Tuberculosis remains one of the largest threats to human health worldwide, and one of the most frequent causes of death in HIV patients. With the increasing emergence of strains of Mycobacterium tuberculosis that are hyper-resistant to drugs, it becomes ever more urgent that novel treatments be developed, and the search for novel strategies for drug development is an important step in this process.
In the current study, Matthias Wilmanns and his group at EMBL identified a multi-tasking enzyme from Mycobacterium tuberculosis that catalyses reactions on two different molecules, or substrates. In most organisms, cells need two specific enzymes, known as HisA and TrpF, in order to produce two essential amino acids – histidine and tryptophan. However, in Mycobacterium tuberculosis, the encoding gene for TrpF is missing, and the two reactions are instead catalysed by a single enzyme, which is able to recognize and bind to two different substrates. This enzyme is known as PriA.
Using the Mycobacterium tuberculosis version of the PriA enzyme as a model, the researchers were able to unravel the hitherto unknown mechanism of bi-substrate specific binding observed in this group of bacteria.
“When we solved the three-dimensional structure of PriA, we found that it has the unique ability to form two different substrate-specific active sites,” Wilmanns says: “it can form a reaction-specific active site, or undergo what we call ‘substrate-induced metamorphosis’ to form a different active site.”
To further verify these observations, Wilmanns and colleagues screened 20,000 small molecule compounds, and identified a handful which inhibited both PriA-catalysed reactions but had no effect on TrpF activity.
“We believe that this ability for bi-substrate catalysis in Mycobacterium tuberculosis could be a new opportunity for future drug development,” Wilmanns concludes: “This organism-specific reaction process could be exploited, since only the pathogen but none of the other bacteria living in or on humans, many of which are important for our well being, would be targeted.”
Sonia Furtado | EMBL Research News
Atomic-level motion may drive bacteria's ability to evade immune system defenses
24.04.2017 | Indiana University
Two-dimensional melting of hard spheres experimentally unravelled after 60 years
24.04.2017 | University of Oxford
More and more automobile companies are focusing on body parts made of carbon fiber reinforced plastics (CFRP). However, manufacturing and repair costs must be further reduced in order to make CFRP more economical in use. Together with the Volkswagen AG and five other partners in the project HolQueSt 3D, the Laser Zentrum Hannover e.V. (LZH) has developed laser processes for the automatic trimming, drilling and repair of three-dimensional components.
Automated manufacturing processes are the basis for ultimately establishing the series production of CFRP components. In the project HolQueSt 3D, the LZH has...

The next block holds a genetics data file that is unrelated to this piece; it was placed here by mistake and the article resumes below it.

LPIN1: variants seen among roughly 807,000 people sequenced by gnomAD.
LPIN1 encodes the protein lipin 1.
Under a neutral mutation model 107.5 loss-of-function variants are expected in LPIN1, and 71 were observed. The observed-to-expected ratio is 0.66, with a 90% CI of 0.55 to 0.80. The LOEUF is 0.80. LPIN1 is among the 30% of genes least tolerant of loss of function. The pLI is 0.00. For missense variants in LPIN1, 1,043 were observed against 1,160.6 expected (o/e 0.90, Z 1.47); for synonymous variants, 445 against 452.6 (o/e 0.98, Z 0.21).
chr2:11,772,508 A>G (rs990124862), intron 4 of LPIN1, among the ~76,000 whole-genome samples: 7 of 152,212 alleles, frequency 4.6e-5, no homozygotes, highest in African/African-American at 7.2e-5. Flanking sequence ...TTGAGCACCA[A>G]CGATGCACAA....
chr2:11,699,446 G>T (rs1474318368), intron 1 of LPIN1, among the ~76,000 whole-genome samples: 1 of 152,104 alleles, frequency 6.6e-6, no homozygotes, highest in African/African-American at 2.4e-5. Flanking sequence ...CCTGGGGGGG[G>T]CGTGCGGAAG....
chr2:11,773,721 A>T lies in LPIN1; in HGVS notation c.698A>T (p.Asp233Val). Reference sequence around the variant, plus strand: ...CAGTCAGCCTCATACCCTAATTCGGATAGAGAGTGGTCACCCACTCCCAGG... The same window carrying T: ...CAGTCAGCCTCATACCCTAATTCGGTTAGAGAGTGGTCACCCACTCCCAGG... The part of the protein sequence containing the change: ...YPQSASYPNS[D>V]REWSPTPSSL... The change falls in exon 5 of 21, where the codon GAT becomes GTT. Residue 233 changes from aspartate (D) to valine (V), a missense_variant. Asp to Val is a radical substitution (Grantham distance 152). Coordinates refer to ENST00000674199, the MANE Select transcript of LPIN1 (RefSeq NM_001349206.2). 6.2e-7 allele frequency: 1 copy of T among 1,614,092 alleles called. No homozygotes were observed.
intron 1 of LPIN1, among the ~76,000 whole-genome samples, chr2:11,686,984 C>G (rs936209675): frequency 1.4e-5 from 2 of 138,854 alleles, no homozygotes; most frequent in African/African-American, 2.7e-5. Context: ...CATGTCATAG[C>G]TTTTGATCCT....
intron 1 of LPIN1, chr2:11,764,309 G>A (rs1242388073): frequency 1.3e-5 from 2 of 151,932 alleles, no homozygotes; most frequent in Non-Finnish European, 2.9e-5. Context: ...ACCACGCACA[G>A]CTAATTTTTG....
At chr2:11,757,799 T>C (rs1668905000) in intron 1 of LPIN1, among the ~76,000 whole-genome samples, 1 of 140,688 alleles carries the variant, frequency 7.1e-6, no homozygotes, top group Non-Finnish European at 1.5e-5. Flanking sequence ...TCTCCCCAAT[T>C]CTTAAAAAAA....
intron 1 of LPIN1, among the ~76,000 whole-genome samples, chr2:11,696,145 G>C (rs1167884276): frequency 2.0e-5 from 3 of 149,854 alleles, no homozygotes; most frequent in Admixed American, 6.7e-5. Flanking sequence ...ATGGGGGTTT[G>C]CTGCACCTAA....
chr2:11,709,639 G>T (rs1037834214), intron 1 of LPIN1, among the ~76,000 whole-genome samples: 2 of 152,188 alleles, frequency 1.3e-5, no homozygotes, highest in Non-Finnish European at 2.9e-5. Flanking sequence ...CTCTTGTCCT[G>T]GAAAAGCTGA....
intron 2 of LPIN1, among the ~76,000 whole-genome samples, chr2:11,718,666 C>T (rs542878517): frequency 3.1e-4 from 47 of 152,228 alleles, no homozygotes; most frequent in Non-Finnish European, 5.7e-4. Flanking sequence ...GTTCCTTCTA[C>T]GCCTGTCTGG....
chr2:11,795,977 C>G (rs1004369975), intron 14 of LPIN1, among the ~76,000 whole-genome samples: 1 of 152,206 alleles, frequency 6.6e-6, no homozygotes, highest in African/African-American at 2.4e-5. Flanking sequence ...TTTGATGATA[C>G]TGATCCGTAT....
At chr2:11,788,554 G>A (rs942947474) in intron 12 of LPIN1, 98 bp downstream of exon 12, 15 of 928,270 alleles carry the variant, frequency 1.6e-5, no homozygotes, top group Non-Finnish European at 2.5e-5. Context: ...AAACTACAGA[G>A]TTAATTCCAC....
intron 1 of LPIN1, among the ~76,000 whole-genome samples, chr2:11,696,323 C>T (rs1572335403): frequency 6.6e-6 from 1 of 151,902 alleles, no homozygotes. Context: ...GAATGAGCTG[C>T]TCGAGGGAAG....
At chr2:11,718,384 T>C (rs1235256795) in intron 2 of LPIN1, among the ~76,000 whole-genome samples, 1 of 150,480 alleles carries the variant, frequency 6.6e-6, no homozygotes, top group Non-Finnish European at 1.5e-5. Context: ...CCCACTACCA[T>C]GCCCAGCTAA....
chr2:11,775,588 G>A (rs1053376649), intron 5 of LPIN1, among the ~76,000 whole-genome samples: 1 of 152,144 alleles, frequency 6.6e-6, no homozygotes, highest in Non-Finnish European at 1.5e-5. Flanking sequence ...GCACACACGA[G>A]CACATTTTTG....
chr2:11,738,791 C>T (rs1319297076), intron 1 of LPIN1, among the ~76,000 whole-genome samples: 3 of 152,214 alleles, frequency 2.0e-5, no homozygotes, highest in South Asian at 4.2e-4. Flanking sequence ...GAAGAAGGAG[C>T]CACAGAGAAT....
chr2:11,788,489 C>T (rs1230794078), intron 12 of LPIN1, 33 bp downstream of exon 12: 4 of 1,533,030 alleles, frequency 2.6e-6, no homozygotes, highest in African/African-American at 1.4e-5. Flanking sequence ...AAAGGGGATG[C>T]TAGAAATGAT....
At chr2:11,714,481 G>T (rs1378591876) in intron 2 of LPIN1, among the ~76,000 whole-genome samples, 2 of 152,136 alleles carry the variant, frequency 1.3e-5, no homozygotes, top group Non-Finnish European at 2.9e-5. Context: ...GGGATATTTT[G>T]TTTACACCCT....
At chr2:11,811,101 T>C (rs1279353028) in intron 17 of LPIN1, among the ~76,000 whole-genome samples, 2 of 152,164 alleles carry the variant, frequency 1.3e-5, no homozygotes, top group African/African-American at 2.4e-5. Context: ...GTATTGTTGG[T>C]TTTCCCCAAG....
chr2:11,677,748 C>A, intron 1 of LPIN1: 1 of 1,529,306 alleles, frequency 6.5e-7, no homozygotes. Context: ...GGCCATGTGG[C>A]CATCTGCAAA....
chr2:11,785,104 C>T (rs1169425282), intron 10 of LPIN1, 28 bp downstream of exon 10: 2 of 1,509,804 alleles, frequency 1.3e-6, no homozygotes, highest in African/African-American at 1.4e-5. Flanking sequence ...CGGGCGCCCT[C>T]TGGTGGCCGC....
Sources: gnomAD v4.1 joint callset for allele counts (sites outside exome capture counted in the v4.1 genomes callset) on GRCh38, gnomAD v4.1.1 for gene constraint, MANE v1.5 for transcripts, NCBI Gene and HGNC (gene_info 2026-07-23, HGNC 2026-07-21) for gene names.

Reflecting the structure of composites found in nature and the ancient world, researchers at the University of Illinois at Urbana-Champaign have synthesized thin carbon nanotube (CNT) textiles that exhibit both high electrical conductivity and a level of toughness that is about fifty times higher than copper films, currently used in electronics.
"The structural robustness of thin metal films has significant importance for the reliable operation of smart skin and flexible electronics including...
The nearby, giant radio galaxy M87 hosts a supermassive black hole (BH) and is well-known for its bright jet dominating the spectrum over ten orders of magnitude in frequency. Due to its proximity, jet prominence, and the large black hole mass, M87 is the best laboratory for investigating the formation, acceleration, and collimation of relativistic jets. A research team led by Silke Britzen from the Max Planck Institute for Radio Astronomy in Bonn, Germany, has found strong indication for turbulent processes connecting the accretion disk and the jet of that galaxy providing insights into the longstanding problem of the origin of astrophysical jets.
Supermassive black holes form some of the most enigmatic phenomena in astrophysics. Their enormous energy output is supposed to be generated by the...
The probability to find a certain number of photons inside a laser pulse usually corresponds to a classical distribution of independent events, the so-called...
Microprocessors based on atomically thin materials hold the promise of the evolution of traditional processors as well as new applications in the field of flexible electronics. Now, a TU Wien research team led by Thomas Müller has made a breakthrough in this field as part of an ongoing research project.
Two-dimensional materials, or 2D materials for short, are extremely versatile, although – or often more precisely because – they are made up of just one or a...
20.04.2017 | Event News
18.04.2017 | Event News
03.04.2017 | Event News
24.04.2017 | Physics and Astronomy
24.04.2017 | Materials Sciences
24.04.2017 | Life Sciences